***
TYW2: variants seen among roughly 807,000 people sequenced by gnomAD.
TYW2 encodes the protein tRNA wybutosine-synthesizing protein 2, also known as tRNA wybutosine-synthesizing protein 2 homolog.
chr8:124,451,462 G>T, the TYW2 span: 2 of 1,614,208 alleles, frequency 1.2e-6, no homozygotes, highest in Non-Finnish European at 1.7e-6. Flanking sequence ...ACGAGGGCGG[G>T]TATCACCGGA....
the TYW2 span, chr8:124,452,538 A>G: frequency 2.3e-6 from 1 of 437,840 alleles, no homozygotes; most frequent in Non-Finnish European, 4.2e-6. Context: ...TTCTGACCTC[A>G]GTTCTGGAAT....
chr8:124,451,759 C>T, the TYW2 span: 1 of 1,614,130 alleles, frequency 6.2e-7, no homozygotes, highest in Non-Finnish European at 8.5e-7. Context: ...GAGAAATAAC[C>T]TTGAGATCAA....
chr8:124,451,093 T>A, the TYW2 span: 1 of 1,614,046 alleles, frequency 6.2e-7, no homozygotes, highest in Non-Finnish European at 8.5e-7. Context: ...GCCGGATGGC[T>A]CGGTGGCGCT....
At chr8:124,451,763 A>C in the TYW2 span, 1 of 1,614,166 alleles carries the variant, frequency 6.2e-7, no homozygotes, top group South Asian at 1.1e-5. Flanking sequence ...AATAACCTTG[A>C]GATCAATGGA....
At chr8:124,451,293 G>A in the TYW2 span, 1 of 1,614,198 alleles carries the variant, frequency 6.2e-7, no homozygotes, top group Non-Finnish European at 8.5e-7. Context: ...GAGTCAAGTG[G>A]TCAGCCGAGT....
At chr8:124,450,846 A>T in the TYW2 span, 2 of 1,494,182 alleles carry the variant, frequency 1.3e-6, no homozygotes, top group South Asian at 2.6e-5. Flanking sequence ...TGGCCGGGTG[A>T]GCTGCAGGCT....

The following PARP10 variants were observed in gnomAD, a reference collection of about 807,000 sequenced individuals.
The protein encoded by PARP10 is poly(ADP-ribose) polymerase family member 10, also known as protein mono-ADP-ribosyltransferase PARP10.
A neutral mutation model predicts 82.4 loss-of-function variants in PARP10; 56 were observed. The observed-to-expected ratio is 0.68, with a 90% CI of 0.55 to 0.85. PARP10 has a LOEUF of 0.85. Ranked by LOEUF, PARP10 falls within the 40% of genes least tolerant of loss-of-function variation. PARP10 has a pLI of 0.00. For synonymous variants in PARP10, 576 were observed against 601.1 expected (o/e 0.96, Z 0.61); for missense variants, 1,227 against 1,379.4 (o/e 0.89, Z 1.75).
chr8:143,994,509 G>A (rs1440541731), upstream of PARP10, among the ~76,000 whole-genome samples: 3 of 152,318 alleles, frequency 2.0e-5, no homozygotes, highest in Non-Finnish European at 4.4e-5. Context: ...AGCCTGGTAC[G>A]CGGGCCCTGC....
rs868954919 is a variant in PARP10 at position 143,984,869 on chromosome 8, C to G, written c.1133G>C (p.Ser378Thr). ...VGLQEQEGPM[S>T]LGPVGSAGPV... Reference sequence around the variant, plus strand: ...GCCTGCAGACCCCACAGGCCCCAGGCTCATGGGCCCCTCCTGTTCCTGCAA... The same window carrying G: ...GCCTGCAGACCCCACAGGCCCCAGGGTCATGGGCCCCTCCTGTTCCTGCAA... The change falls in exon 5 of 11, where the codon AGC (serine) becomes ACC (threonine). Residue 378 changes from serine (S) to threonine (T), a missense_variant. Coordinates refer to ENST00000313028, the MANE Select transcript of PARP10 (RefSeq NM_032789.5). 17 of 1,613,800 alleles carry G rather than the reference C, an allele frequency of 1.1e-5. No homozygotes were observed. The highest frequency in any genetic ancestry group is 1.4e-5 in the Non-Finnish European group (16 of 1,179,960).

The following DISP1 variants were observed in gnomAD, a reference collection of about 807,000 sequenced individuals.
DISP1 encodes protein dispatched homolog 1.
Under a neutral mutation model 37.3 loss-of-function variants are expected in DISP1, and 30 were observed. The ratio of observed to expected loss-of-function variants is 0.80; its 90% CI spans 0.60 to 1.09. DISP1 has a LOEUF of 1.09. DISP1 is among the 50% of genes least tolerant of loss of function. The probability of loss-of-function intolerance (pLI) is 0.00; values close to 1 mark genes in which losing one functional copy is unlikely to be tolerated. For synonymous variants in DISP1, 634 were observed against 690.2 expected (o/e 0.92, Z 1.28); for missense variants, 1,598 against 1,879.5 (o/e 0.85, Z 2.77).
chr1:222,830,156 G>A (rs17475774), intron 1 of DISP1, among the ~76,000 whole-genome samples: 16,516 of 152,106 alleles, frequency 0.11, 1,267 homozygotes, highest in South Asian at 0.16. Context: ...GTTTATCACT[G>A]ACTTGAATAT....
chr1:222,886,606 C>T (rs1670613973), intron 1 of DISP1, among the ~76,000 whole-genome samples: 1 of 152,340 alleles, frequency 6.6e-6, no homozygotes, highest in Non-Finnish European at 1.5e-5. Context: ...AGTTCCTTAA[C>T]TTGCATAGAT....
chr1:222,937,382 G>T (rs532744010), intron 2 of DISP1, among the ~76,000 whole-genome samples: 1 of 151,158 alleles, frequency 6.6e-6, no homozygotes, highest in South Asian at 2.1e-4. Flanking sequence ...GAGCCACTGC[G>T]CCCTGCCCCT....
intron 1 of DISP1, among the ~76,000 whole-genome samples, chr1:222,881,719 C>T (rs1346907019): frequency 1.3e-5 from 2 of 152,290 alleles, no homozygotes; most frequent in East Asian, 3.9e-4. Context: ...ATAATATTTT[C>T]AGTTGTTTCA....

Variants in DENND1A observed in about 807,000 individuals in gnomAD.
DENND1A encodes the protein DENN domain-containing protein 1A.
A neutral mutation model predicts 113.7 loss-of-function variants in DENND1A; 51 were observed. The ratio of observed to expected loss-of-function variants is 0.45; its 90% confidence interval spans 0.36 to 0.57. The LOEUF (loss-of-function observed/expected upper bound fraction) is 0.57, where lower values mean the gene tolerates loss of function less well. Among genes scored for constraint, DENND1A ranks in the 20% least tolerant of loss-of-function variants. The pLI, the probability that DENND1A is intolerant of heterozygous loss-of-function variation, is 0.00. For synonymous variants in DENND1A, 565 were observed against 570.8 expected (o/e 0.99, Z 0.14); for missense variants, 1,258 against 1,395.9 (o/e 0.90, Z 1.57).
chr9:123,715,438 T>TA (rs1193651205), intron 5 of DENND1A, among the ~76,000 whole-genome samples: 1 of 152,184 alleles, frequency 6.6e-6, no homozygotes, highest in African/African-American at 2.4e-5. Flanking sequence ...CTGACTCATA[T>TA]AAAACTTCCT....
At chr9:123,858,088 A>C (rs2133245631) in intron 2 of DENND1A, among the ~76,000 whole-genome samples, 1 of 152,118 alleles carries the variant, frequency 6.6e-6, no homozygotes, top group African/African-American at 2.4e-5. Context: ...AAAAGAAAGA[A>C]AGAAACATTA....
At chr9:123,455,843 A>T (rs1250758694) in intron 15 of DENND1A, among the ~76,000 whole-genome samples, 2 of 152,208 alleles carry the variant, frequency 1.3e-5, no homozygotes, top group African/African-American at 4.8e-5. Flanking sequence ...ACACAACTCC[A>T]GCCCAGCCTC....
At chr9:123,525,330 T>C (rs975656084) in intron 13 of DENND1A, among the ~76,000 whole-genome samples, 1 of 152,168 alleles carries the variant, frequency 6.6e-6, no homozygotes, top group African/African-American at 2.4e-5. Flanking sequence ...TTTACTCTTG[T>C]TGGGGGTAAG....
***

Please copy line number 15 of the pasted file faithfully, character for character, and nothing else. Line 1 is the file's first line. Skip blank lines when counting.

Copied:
The following DISP1 variants were observed in gnomAD, a reference collection of about 807,000 sequenced individuals.